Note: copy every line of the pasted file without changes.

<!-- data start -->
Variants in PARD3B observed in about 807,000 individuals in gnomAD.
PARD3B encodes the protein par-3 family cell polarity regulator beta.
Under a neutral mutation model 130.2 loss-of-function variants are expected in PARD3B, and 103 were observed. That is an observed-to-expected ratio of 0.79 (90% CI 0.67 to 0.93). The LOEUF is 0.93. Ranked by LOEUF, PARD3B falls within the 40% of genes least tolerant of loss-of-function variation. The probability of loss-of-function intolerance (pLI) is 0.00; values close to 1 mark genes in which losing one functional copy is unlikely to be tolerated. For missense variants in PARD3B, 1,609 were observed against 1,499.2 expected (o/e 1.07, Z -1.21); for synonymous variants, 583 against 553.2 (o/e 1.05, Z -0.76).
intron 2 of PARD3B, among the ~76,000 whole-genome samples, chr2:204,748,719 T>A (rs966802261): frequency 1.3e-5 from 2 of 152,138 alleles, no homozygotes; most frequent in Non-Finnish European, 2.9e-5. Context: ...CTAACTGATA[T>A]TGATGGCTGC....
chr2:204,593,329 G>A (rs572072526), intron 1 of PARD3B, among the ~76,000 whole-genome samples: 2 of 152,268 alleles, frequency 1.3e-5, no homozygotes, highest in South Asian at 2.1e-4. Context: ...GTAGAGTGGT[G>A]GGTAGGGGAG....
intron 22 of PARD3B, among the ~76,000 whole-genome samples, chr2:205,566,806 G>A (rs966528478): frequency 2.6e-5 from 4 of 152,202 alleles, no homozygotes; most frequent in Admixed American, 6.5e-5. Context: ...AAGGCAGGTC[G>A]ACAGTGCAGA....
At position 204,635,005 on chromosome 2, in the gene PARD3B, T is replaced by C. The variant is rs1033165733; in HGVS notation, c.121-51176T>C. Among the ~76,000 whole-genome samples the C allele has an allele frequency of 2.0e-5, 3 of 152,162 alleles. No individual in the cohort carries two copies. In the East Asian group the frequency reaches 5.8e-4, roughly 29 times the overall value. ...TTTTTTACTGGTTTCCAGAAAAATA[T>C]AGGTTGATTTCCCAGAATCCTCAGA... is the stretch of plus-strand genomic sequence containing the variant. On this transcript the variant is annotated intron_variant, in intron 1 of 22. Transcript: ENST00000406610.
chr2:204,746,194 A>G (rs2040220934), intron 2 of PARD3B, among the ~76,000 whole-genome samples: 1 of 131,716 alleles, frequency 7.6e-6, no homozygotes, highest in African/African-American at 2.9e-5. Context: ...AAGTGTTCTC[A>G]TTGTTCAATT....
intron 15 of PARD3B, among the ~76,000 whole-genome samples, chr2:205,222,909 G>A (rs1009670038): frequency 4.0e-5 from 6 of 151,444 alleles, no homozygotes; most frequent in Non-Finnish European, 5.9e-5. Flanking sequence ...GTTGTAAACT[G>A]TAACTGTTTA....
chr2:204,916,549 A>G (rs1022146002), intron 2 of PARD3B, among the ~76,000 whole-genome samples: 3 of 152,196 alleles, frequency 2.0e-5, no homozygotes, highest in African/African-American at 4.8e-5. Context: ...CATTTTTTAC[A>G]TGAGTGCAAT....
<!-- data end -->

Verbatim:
Variants in PARD3B observed in about 807,000 individuals in gnomAD.
PARD3B encodes the protein par-3 family cell polarity regulator beta.
Under a neutral mutation model 130.2 loss-of-function variants are expected in PARD3B, and 103 were observed. That is an observed-to-expected ratio of 0.79 (90% CI 0.67 to 0.93). The LOEUF is 0.93. Ranked by LOEUF, PARD3B falls within the 40% of genes least tolerant of loss-of-function variation. The probability of loss-of-function intolerance (pLI) is 0.00; values close to 1 mark genes in which losing one functional copy is unlikely to be tolerated. For missense variants in PARD3B, 1,609 were observed against 1,499.2 expected (o/e 1.07, Z -1.21); for synonymous variants, 583 against 553.2 (o/e 1.05, Z -0.76).
intron 2 of PARD3B, among the ~76,000 whole-genome samples, chr2:204,748,719 T>A (rs966802261): frequency 1.3e-5 from 2 of 152,138 alleles, no homozygotes; most frequent in Non-Finnish European, 2.9e-5. Context: ...CTAACTGATA[T>A]TGATGGCTGC....
chr2:204,593,329 G>A (rs572072526), intron 1 of PARD3B, among the ~76,000 whole-genome samples: 2 of 152,268 alleles, frequency 1.3e-5, no homozygotes, highest in South Asian at 2.1e-4. Context: ...GTAGAGTGGT[G>A]GGTAGGGGAG....
intron 22 of PARD3B, among the ~76,000 whole-genome samples, chr2:205,566,806 G>A (rs966528478): frequency 2.6e-5 from 4 of 152,202 alleles, no homozygotes; most frequent in Admixed American, 6.5e-5. Context: ...AAGGCAGGTC[G>A]ACAGTGCAGA....
At position 204,635,005 on chromosome 2, in the gene PARD3B, T is replaced by C. The variant is rs1033165733; in HGVS notation, c.121-51176T>C. Among the ~76,000 whole-genome samples the C allele has an allele frequency of 2.0e-5, 3 of 152,162 alleles. No individual in the cohort carries two copies. In the East Asian group the frequency reaches 5.8e-4, roughly 29 times the overall value. ...TTTTTTACTGGTTTCCAGAAAAATA[T>C]AGGTTGATTTCCCAGAATCCTCAGA... is the stretch of plus-strand genomic sequence containing the variant. On this transcript the variant is annotated intron_variant, in intron 1 of 22. Transcript: ENST00000406610.
chr2:204,746,194 A>G (rs2040220934), intron 2 of PARD3B, among the ~76,000 whole-genome samples: 1 of 131,716 alleles, frequency 7.6e-6, no homozygotes, highest in African/African-American at 2.9e-5. Context: ...AAGTGTTCTC[A>G]TTGTTCAATT....
intron 15 of PARD3B, among the ~76,000 whole-genome samples, chr2:205,222,909 G>A (rs1009670038): frequency 4.0e-5 from 6 of 151,444 alleles, no homozygotes; most frequent in Non-Finnish European, 5.9e-5. Flanking sequence ...GTTGTAAACT[G>A]TAACTGTTTA....
chr2:204,916,549 A>G (rs1022146002), intron 2 of PARD3B, among the ~76,000 whole-genome samples: 3 of 152,196 alleles, frequency 2.0e-5, no homozygotes, highest in African/African-American at 4.8e-5. Context: ...CATTTTTTAC[A>G]TGAGTGCAAT....